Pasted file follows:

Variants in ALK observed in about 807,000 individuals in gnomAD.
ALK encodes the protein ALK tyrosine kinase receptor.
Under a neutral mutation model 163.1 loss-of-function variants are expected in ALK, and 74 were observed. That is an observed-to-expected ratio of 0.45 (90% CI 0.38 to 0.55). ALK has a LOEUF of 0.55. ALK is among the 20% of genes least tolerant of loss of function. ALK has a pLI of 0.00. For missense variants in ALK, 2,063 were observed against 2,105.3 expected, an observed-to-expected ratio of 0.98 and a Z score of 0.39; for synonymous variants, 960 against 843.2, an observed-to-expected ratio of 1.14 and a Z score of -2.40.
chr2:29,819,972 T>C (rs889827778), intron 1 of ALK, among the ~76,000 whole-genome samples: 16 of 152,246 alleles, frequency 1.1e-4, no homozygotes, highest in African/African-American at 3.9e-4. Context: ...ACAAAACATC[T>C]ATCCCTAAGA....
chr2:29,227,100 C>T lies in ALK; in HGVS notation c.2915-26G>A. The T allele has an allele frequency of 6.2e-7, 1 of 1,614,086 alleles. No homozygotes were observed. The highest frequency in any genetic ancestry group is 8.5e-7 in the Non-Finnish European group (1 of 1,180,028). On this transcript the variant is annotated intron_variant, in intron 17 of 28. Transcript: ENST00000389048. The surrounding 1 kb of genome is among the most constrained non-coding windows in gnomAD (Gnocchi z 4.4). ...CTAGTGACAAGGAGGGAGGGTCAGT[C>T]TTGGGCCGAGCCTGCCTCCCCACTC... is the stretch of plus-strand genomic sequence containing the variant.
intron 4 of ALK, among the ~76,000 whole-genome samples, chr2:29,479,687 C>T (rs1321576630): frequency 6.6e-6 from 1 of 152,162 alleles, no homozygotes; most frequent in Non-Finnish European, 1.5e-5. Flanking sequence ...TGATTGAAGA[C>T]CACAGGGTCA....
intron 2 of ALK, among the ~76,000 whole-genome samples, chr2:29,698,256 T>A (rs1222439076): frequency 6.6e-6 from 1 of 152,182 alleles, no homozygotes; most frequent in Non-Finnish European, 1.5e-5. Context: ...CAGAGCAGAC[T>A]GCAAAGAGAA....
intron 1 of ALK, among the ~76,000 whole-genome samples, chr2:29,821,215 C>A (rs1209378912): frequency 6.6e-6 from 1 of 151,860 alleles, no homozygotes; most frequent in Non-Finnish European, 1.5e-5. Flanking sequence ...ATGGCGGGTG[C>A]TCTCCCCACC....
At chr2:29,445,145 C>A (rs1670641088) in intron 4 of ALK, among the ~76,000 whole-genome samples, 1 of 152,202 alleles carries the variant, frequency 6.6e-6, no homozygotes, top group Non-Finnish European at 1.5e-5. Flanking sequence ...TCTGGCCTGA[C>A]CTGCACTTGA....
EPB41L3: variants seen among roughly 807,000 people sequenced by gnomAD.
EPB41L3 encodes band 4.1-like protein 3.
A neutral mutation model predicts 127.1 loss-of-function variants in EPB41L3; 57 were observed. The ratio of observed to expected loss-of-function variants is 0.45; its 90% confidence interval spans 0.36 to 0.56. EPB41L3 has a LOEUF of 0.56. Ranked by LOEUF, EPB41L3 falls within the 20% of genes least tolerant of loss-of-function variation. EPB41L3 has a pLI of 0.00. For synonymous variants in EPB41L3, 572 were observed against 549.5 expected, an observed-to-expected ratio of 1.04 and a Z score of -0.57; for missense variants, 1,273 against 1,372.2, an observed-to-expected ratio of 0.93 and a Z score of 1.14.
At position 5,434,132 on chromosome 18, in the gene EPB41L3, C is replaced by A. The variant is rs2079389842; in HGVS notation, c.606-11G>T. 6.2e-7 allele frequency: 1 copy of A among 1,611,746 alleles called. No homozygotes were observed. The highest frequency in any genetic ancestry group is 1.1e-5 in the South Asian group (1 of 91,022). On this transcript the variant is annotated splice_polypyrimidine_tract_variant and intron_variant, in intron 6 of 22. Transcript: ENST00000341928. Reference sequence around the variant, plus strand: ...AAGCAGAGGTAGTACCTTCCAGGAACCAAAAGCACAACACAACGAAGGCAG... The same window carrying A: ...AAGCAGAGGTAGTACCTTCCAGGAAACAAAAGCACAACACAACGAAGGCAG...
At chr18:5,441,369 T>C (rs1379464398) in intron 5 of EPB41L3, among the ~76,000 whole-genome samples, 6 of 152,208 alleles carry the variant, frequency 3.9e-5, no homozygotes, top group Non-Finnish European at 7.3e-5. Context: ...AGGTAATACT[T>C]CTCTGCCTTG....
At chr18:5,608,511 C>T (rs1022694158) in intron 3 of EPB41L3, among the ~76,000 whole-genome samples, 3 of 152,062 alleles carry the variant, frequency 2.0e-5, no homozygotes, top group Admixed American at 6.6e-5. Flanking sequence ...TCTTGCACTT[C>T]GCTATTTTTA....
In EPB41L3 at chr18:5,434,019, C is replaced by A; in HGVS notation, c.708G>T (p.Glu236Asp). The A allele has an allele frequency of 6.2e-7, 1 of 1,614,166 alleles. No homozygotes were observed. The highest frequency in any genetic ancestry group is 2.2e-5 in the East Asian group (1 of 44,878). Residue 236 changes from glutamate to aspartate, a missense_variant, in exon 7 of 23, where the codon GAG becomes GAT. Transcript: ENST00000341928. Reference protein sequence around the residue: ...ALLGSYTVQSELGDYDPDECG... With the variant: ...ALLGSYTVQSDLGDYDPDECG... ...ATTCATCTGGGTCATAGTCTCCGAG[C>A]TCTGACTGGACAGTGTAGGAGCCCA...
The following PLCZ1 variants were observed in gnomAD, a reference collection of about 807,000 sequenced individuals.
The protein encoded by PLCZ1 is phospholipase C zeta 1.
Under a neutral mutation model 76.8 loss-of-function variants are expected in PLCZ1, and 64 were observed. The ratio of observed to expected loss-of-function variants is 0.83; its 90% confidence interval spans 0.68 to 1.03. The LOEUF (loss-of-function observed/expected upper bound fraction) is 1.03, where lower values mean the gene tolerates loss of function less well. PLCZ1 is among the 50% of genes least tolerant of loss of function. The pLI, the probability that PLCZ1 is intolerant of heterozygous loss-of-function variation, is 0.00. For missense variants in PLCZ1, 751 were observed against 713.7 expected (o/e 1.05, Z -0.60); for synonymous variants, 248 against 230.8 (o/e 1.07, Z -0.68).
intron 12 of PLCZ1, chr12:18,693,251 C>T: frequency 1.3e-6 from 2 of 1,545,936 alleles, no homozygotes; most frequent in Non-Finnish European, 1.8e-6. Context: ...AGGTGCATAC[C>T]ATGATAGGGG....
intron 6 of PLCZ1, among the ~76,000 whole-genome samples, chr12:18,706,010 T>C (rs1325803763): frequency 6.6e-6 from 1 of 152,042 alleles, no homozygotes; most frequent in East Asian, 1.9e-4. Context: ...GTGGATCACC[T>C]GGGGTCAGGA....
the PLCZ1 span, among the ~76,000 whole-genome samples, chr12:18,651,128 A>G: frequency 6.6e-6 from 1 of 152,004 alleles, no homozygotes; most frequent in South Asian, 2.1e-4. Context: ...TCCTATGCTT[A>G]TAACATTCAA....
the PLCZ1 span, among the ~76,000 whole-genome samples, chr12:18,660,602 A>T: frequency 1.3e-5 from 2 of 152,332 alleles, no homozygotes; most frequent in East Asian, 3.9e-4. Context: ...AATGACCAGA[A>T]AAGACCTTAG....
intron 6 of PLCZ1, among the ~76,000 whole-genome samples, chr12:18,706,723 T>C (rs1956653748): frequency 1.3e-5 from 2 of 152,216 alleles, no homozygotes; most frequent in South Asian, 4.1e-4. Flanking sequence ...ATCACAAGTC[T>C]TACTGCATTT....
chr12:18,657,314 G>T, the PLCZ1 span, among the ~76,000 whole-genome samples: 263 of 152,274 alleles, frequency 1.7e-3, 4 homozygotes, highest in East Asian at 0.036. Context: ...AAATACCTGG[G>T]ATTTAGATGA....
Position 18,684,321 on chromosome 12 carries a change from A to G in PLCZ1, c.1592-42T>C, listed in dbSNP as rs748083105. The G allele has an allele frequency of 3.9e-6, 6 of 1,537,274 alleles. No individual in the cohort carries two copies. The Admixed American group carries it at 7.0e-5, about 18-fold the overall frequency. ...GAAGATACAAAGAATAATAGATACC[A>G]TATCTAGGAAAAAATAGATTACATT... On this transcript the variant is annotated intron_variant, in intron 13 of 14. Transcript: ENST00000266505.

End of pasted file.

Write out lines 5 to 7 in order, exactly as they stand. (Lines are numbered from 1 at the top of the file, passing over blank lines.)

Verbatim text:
chr2:29,227,100 C>T lies in ALK; in HGVS notation c.2915-26G>A. The T allele has an allele frequency of 6.2e-7, 1 of 1,614,086 alleles. No homozygotes were observed. The highest frequency in any genetic ancestry group is 8.5e-7 in the Non-Finnish European group (1 of 1,180,028). On this transcript the variant is annotated intron_variant, in intron 17 of 28. Transcript: ENST00000389048. The surrounding 1 kb of genome is among the most constrained non-coding windows in gnomAD (Gnocchi z 4.4). ...CTAGTGACAAGGAGGGAGGGTCAGT[C>T]TTGGGCCGAGCCTGCCTCCCCACTC... is the stretch of plus-strand genomic sequence containing the variant.
intron 4 of ALK, among the ~76,000 whole-genome samples, chr2:29,479,687 C>T (rs1321576630): frequency 6.6e-6 from 1 of 152,162 alleles, no homozygotes; most frequent in Non-Finnish European, 1.5e-5. Flanking sequence ...TGATTGAAGA[C>T]CACAGGGTCA....
intron 2 of ALK, among the ~76,000 whole-genome samples, chr2:29,698,256 T>A (rs1222439076): frequency 6.6e-6 from 1 of 152,182 alleles, no homozygotes; most frequent in Non-Finnish European, 1.5e-5. Context: ...CAGAGCAGAC[T>A]GCAAAGAGAA....